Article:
IMF warns China on rising debt levels

The International Monetary Fund urged China on Thursday to make a priority of containing financial risks that stem for its rising debt.

Unregulated lending and local debt a risk for Beijing if growth slows

A couple in protective masks walk under haze in Shanghai, China, on Dec. 6, 2013. The IMF is warning China about its rising debt levels. (Eugene Hoshiko/Associated Press)

The International Monetary Fund urged China on Thursday to make a priority of containing financial risks that stem for its rising debt.

Beijing should avoid launching more economic stimulus unless growth drops well below this year's official target of 7.5 per cent, said the IMF's first deputy managing director, David Lipton, after meeting Chinese officials.

Rising debts owed by local governments and uncertainty about largely unregulated informal lending have fuelled concerns China's economic slowdown might cause a rise in defaults and hurt its financial system.

Chinese authorities have begun tightening controls. Lipton said Beijing still has room to prevent an abrupt slowdown in economic growth but risks are rising and regulators need to do more.

"We consider that vulnerabilities have risen to the point where containing them should be a priority," he said at a news conference.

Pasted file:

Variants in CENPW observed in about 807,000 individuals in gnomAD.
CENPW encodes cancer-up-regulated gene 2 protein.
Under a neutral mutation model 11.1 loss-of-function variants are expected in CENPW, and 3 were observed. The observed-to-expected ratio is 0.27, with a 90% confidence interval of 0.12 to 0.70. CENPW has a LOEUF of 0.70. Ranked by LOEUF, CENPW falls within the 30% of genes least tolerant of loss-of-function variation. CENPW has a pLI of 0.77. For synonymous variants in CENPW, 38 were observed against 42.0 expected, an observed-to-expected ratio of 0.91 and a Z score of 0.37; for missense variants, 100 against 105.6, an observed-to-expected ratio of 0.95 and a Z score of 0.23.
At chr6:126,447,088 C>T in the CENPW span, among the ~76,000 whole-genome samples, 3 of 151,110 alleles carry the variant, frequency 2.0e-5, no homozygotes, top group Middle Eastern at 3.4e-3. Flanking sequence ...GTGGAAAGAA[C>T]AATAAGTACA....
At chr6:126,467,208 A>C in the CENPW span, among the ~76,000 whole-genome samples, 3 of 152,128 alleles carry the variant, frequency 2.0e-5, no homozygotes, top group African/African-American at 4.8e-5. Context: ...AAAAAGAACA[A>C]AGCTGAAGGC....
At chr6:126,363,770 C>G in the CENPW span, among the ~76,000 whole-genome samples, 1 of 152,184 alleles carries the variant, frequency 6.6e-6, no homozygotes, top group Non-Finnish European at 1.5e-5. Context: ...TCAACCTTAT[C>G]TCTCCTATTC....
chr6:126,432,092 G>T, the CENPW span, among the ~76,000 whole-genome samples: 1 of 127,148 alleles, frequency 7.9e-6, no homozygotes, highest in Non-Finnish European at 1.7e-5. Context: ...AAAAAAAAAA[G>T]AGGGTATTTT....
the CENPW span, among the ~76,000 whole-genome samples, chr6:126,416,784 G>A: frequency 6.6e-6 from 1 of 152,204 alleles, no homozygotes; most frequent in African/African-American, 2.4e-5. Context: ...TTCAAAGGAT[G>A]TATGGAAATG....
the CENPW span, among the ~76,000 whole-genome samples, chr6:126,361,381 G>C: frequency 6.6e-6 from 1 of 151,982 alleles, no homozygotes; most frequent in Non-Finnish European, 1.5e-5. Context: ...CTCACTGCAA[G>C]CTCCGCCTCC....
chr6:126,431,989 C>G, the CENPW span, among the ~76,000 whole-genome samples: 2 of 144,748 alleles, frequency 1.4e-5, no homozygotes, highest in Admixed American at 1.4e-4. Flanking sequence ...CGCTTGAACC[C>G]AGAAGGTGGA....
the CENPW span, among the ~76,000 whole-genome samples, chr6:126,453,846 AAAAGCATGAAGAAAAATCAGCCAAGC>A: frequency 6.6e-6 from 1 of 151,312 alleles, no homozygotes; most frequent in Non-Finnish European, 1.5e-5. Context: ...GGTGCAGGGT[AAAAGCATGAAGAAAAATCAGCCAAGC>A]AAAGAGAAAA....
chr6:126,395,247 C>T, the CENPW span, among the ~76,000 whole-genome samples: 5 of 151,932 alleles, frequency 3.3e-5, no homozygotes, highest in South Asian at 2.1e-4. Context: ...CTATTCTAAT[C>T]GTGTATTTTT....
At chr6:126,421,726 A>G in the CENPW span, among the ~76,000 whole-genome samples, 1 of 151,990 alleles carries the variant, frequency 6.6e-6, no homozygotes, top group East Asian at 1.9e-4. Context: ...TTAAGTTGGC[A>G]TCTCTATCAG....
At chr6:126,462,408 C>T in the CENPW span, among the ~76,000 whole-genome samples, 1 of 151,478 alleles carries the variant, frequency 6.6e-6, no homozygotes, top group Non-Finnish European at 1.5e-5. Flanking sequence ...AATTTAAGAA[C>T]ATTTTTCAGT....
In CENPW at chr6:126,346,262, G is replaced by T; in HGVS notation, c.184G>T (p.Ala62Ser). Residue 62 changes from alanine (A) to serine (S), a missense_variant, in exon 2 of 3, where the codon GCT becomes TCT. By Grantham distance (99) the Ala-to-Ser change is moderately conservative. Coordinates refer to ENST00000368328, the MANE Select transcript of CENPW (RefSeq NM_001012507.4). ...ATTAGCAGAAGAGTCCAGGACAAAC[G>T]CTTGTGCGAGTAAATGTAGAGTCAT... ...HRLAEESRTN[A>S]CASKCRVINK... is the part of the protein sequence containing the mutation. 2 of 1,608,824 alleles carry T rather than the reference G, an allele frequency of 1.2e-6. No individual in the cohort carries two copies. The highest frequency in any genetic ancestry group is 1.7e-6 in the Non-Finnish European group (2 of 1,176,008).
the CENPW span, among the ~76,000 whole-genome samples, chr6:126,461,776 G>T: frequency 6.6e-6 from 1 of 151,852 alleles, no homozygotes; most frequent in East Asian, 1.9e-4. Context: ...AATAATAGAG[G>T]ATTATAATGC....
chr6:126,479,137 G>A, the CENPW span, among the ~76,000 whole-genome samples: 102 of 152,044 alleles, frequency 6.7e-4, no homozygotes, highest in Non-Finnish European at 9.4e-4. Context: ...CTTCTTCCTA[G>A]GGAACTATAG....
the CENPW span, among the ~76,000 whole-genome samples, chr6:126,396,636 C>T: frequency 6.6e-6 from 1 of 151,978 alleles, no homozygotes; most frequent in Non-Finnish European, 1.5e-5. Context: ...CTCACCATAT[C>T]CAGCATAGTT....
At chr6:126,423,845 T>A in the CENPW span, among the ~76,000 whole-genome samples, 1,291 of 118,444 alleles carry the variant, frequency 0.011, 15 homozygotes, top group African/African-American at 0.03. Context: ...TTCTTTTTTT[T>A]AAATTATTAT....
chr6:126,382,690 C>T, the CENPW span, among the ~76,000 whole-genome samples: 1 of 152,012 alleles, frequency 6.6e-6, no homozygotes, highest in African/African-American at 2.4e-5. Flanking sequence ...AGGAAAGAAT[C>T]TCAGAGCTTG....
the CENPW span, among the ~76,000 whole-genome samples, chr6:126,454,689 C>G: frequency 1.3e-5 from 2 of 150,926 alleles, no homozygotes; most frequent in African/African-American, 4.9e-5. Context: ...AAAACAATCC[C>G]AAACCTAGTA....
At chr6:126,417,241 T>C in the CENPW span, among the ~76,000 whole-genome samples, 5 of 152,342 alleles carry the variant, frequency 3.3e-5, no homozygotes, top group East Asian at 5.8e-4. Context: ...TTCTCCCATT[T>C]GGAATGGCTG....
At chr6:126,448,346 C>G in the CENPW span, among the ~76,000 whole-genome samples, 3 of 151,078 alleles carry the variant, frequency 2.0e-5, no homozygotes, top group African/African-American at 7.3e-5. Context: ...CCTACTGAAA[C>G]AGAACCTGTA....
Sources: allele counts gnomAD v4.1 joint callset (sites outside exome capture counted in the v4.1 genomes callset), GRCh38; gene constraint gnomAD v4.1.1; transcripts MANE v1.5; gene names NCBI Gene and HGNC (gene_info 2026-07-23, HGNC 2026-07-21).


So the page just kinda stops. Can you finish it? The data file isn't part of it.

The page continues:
Beijing is trying to steer the world's second-largest economy to growth based on domestic consumption instead of imports and investment following a decade of breakneck expansion.

Economic growth slowed to 7.4 percent in the three months ending in March, down from the previous quarter's 7.7 per cent.

IMF urges slower growth

Chinese leaders have ruled out further large-scale stimulus but have launched a series of targeted measures in response to weak export growth and a decline in housing prices. China's growth is reliant on massive amounts of capital investment in new production and construction.

A big portion of local government debt stems from borrowing for the multibillion-dollar stimulus that helped China rebound quickly from the 2008 global crisis.

A further growth deceleration to about seven per cent next year "would be consistent with the goal of transitioning to a sustainable growth pattern," Lipton said.

"We welcome the efforts that have been made," said Lipton. "Nonetheless, continuing reliance on credit-fueled growth means that risks are still rising."

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